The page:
When certain members of my family hear about the fact that I have my doubts about saving for retirement because I don’t really think the banking system will exist in the forty or so years that separate me from my 401K (but I save anyway because, as we have established earlier, I am a really well meaning hypocrite – aren’t most of us?) they always tell me that I just don’t know how good things are now. I’m told to consider the politics of assassination or that the Vietnam casualties were more than ten times that of the wars now and that hey, we fixed that hole over Antarctica, didn’t we? (Wait, did we? I remember lots of talk of CFCs and the ozone layer in elementary school, but we seem to have lost interest in that particular angle…) I just leave the conversation wondering who is fooling themselves – those who cannot bear to imagine that we are on the path to a social/political/environmental disaster or those who are desperately afraid we are on a lethal collision course of our own making?

Many times I have tried to sort out why such a big part of me believes we are in such a terrible state. What do I gain from living my life with tinges of Armageddon on the horizon? Does a belief in humanity’s narcissistic penchant for annihilation a) get me off the hook since we are all lost anyway, b) give me a sense of purpose because I have obsession with someday playing some sort of savior or c) is it just an organic aspect of who I am, a(n) (over)sensitivity that whips me into a muted frenzy? And how do I explain that despite this worry and dread, I am still a hopeful creature who believes we can walk through the darkest times and emerge a stronger, more beautiful world?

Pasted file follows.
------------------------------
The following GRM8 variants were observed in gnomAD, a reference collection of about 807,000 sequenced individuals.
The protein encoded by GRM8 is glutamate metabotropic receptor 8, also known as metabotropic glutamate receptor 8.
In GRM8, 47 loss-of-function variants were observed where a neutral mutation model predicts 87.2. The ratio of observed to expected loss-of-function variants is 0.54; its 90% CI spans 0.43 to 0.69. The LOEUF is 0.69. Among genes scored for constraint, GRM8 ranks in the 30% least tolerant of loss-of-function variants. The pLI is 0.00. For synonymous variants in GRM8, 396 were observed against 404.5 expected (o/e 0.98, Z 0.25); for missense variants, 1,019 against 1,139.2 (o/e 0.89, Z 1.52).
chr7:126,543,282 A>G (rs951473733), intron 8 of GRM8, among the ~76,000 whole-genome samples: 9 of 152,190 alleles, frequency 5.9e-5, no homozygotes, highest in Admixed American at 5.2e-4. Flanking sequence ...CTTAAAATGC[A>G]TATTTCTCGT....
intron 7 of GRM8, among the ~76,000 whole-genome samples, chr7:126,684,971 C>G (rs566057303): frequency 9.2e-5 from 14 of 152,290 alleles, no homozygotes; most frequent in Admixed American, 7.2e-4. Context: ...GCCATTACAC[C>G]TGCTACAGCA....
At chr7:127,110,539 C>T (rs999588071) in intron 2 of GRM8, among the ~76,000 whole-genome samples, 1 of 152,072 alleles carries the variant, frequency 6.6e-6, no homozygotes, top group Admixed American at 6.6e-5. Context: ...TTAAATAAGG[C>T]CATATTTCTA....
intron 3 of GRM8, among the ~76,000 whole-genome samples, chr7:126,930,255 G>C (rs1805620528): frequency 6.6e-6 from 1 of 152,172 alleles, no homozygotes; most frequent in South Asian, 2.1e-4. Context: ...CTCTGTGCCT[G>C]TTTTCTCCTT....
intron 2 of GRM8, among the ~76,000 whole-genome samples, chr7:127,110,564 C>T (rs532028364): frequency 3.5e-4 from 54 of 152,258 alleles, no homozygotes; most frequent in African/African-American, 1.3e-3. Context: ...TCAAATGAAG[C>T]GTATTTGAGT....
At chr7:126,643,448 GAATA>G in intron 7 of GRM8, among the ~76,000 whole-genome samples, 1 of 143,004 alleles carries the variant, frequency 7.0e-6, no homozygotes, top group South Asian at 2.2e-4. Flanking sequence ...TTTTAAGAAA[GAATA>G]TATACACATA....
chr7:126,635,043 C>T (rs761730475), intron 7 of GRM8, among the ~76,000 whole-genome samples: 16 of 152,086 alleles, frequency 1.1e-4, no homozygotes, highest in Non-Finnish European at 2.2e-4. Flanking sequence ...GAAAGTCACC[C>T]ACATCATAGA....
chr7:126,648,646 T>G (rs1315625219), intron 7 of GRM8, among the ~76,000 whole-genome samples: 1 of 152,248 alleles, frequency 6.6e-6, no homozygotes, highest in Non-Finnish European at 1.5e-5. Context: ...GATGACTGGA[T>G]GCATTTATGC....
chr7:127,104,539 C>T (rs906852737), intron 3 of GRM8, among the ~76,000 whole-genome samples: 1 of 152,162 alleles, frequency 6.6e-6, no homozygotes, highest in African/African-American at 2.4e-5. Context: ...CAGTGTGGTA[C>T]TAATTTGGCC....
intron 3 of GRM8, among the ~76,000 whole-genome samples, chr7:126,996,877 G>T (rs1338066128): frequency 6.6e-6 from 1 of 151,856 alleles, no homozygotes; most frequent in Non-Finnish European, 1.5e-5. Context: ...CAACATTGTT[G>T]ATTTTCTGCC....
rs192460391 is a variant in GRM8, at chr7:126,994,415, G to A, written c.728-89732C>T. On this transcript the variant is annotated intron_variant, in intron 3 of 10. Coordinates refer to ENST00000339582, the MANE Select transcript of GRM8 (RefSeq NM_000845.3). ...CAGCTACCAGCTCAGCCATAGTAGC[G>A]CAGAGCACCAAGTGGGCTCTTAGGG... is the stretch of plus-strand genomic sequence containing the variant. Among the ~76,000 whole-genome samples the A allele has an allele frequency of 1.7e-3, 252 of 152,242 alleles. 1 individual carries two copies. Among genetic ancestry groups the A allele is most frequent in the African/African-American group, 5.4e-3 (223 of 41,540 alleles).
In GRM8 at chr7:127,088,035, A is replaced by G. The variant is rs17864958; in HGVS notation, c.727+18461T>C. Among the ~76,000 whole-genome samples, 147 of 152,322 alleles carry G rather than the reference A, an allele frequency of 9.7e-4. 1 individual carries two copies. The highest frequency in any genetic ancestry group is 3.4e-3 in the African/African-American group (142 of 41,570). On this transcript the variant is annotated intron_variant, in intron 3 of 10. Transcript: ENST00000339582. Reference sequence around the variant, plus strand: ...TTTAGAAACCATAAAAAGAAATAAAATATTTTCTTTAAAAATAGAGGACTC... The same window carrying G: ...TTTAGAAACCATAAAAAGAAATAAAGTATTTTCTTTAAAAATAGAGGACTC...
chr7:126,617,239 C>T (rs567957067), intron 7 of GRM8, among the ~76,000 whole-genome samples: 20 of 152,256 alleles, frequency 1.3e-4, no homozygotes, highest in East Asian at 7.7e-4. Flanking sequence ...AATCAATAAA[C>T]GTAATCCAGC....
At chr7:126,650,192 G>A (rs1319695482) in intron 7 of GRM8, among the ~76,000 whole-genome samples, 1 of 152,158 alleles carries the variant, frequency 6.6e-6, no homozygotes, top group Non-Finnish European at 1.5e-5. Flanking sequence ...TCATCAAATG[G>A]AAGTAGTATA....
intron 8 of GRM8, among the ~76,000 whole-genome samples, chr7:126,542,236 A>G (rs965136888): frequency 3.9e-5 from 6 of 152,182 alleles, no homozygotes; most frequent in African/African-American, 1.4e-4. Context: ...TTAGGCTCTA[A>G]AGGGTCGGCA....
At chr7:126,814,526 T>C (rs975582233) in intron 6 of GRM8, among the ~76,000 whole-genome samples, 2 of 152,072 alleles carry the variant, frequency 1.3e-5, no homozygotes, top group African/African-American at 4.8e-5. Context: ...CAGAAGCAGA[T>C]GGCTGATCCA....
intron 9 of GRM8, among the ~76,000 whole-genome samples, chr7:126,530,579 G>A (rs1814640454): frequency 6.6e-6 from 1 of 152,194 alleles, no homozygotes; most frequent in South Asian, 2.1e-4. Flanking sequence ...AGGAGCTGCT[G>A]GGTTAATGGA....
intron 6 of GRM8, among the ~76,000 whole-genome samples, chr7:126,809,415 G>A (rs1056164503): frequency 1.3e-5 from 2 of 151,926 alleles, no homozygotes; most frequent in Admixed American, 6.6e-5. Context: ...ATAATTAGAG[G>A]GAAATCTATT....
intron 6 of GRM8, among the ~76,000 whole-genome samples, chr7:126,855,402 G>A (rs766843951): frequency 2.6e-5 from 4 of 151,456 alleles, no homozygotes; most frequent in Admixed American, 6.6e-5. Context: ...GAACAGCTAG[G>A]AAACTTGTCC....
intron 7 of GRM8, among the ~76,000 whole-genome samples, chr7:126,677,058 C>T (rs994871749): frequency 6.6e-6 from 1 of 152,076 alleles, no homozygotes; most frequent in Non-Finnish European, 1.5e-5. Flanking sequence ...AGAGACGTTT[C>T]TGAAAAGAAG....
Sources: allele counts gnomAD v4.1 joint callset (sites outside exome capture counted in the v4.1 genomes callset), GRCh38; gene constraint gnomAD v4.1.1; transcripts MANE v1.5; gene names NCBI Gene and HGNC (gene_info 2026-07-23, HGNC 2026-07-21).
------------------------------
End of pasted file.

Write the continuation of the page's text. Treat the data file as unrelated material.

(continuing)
But as I spend my evening writing this rather than considering how to quit my comfortable job with its terribly comforting benefits package in order to chain myself to a tree along the Amazon or join Mother Teresa’s nuns in Calcutta, I realize that enough of me must be able to deal with the ills listed herein. Or perhaps none of those terrible phenomena have yet hit quite close enough to home…

Discovering the Space Beyond the Silence

Long Beach treeMany months ago, before this whole unfurling of epiphanies began in earnest, I was rocked with uncertainties over something or other, or probably about everything, more likely. I read my tarot cards, I stared beseechingly up to the sky, I read a text about the Goddess that was full of footnotes. I just felt like I was trapped in the maelstrom of my own psychology.